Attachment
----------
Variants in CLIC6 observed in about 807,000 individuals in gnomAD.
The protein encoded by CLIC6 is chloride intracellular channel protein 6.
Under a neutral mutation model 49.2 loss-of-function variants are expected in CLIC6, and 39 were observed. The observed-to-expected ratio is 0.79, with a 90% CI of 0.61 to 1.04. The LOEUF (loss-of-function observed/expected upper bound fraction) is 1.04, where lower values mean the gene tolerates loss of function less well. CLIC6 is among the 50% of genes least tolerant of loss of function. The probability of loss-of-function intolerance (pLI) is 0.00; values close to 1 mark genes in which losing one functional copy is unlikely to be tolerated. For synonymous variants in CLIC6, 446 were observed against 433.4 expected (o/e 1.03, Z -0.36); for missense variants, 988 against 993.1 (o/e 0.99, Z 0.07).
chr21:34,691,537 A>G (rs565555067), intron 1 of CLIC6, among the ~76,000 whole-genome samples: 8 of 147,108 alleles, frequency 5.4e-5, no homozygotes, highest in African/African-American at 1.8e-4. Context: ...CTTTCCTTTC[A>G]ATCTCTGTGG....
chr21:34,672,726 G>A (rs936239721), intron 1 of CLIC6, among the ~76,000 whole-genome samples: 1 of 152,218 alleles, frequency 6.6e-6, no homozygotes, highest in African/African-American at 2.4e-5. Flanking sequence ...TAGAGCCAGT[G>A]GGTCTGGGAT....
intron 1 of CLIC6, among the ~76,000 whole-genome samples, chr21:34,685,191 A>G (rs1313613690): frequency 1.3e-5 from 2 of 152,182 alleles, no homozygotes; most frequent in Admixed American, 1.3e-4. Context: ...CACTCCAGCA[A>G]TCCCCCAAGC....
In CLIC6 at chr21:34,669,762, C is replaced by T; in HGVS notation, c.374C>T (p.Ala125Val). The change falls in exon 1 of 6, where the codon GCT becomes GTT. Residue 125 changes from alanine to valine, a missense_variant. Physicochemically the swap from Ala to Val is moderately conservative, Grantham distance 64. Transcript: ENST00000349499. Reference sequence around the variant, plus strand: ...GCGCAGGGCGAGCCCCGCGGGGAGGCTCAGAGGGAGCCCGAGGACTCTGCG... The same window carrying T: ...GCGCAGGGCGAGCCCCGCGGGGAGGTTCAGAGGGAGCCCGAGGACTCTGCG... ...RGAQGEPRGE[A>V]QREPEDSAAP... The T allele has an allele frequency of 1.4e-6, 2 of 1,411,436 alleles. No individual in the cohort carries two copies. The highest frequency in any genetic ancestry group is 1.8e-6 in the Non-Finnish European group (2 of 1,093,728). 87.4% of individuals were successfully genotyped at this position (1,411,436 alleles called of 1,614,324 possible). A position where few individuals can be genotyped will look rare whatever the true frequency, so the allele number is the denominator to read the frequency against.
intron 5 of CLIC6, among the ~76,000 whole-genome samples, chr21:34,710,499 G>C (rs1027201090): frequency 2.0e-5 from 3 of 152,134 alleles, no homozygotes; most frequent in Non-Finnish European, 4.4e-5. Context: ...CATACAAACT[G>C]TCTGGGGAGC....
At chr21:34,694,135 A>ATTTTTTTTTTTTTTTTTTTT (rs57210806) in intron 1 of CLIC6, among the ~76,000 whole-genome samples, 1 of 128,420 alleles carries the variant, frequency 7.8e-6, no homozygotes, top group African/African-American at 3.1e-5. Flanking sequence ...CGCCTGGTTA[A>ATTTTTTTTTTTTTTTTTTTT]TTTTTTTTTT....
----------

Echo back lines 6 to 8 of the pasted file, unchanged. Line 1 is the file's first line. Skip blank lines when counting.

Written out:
intron 1 of CLIC6, among the ~76,000 whole-genome samples, chr21:34,685,191 A>G (rs1313613690): frequency 1.3e-5 from 2 of 152,182 alleles, no homozygotes; most frequent in Admixed American, 1.3e-4. Context: ...CACTCCAGCA[A>G]TCCCCCAAGC....
In CLIC6 at chr21:34,669,762, C is replaced by T; in HGVS notation, c.374C>T (p.Ala125Val). The change falls in exon 1 of 6, where the codon GCT becomes GTT. Residue 125 changes from alanine to valine, a missense_variant. Physicochemically the swap from Ala to Val is moderately conservative, Grantham distance 64. Transcript: ENST00000349499. Reference sequence around the variant, plus strand: ...GCGCAGGGCGAGCCCCGCGGGGAGGCTCAGAGGGAGCCCGAGGACTCTGCG... The same window carrying T: ...GCGCAGGGCGAGCCCCGCGGGGAGGTTCAGAGGGAGCCCGAGGACTCTGCG... ...RGAQGEPRGE[A>V]QREPEDSAAP... The T allele has an allele frequency of 1.4e-6, 2 of 1,411,436 alleles. No individual in the cohort carries two copies. The highest frequency in any genetic ancestry group is 1.8e-6 in the Non-Finnish European group (2 of 1,093,728). 87.4% of individuals were successfully genotyped at this position (1,411,436 alleles called of 1,614,324 possible). A position where few individuals can be genotyped will look rare whatever the true frequency, so the allele number is the denominator to read the frequency against.
intron 5 of CLIC6, among the ~76,000 whole-genome samples, chr21:34,710,499 G>C (rs1027201090): frequency 2.0e-5 from 3 of 152,134 alleles, no homozygotes; most frequent in Non-Finnish European, 4.4e-5. Context: ...CATACAAACT[G>C]TCTGGGGAGC....